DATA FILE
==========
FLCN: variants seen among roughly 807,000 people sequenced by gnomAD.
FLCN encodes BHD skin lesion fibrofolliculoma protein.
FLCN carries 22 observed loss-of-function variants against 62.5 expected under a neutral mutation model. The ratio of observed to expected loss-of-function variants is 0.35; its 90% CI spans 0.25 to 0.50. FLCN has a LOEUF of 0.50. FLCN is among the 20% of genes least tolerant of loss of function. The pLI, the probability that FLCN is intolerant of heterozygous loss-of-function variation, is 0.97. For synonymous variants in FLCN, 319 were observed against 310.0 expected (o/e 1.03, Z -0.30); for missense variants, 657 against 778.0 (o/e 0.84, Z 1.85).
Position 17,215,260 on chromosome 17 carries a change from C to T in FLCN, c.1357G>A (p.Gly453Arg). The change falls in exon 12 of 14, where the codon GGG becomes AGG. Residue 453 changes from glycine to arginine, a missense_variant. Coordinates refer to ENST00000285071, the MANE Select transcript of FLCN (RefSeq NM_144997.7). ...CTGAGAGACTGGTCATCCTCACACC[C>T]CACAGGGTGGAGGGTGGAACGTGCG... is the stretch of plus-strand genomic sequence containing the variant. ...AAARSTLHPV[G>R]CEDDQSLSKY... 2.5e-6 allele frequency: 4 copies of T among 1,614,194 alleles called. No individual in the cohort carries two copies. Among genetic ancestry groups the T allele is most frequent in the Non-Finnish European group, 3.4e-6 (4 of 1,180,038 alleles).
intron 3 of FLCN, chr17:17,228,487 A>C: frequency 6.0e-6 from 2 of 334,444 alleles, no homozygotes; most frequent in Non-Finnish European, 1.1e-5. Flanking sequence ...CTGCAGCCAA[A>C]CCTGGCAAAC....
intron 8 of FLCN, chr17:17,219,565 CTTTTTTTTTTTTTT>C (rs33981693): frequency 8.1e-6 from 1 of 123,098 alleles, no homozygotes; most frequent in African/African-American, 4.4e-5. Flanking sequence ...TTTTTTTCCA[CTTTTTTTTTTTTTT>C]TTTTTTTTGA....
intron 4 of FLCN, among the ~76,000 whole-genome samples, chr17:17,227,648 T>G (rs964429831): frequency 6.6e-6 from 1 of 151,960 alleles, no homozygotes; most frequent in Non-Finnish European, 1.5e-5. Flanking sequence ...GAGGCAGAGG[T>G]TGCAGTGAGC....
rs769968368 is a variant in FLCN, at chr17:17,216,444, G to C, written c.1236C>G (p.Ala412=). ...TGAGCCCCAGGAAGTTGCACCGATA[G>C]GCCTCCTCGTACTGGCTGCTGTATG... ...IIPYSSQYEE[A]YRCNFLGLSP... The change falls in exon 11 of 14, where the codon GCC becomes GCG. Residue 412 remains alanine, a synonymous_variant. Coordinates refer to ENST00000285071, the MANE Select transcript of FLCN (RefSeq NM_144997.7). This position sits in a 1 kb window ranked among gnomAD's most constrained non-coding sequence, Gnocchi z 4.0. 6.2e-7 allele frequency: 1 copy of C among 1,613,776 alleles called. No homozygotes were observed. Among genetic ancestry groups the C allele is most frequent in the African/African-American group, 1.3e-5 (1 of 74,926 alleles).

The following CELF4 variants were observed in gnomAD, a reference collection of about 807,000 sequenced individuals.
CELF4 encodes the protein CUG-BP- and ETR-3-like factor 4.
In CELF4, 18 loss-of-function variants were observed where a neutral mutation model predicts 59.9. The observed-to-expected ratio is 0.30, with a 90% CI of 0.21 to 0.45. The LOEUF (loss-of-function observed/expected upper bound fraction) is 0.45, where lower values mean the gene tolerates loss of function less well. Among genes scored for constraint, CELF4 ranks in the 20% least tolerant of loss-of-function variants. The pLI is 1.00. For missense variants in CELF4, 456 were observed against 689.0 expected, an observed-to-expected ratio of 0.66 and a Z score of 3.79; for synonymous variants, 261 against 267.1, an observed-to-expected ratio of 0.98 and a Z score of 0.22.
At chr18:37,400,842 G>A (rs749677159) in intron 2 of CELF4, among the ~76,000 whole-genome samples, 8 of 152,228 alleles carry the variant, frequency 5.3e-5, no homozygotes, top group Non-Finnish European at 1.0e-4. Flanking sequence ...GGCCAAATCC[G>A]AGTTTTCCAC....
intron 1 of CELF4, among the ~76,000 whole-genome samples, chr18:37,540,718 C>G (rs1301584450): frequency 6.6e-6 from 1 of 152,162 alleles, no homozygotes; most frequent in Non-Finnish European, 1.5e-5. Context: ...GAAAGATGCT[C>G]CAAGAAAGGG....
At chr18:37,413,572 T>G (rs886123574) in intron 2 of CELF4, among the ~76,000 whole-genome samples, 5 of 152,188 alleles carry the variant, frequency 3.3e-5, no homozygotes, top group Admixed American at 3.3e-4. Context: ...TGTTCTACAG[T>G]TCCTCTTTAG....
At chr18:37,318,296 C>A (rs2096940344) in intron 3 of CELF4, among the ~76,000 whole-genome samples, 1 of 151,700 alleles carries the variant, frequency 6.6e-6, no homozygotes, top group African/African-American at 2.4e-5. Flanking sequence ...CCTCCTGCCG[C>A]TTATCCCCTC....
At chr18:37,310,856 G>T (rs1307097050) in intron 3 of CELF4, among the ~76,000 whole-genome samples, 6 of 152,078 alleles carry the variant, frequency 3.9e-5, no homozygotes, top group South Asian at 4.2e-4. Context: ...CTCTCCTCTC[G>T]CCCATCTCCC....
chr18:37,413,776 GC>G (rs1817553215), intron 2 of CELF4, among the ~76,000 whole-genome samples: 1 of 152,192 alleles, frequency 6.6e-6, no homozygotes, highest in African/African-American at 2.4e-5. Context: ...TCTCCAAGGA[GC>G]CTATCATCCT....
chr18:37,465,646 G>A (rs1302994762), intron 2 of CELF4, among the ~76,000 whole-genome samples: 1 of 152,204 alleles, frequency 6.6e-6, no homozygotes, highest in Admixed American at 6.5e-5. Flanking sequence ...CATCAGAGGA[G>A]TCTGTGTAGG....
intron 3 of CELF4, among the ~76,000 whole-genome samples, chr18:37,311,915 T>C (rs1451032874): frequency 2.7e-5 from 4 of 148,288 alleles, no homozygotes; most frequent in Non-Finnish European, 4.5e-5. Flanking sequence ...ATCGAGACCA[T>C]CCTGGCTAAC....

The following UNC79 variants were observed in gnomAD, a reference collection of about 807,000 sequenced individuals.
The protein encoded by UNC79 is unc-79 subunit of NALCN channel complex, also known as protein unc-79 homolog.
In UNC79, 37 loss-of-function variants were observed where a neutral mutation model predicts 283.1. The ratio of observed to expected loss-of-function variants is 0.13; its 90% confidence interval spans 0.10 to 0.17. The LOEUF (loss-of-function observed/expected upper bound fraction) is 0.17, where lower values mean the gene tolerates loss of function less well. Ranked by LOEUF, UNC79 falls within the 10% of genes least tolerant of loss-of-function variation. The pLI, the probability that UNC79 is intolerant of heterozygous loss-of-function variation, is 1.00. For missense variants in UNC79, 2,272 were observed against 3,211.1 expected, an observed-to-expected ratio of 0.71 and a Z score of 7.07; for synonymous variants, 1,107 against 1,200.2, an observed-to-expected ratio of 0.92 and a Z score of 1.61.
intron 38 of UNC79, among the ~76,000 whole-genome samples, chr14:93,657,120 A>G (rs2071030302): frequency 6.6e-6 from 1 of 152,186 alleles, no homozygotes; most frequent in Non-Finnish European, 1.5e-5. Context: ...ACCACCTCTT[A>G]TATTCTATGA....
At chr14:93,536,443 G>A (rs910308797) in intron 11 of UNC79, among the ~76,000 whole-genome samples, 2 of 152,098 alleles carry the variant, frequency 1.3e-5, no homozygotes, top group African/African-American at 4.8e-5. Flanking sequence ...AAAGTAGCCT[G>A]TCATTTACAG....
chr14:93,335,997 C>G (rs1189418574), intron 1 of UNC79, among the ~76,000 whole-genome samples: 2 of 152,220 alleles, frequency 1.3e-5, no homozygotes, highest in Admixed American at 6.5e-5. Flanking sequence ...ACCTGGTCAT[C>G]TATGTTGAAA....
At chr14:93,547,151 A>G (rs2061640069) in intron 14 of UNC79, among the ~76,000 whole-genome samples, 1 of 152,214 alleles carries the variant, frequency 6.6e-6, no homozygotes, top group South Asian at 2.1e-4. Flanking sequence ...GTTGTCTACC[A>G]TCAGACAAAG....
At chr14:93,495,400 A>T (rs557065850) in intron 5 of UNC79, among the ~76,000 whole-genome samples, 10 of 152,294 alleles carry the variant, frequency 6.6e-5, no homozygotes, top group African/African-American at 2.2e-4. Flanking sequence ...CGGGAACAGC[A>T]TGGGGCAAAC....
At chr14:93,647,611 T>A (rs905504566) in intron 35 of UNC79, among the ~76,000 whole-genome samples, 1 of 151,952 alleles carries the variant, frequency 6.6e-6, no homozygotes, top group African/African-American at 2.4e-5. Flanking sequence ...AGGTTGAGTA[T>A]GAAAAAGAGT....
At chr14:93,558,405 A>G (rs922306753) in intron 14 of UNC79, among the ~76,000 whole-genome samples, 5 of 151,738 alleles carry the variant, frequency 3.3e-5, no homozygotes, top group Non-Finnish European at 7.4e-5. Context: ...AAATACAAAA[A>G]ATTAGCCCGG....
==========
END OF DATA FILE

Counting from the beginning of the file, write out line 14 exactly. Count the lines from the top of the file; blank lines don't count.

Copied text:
At chr18:37,413,572 T>G (rs886123574) in intron 2 of CELF4, among the ~76,000 whole-genome samples, 5 of 152,188 alleles carry the variant, frequency 3.3e-5, no homozygotes, top group Admixed American at 3.3e-4. Context: ...TGTTCTACAG[T>G]TCCTCTTTAG....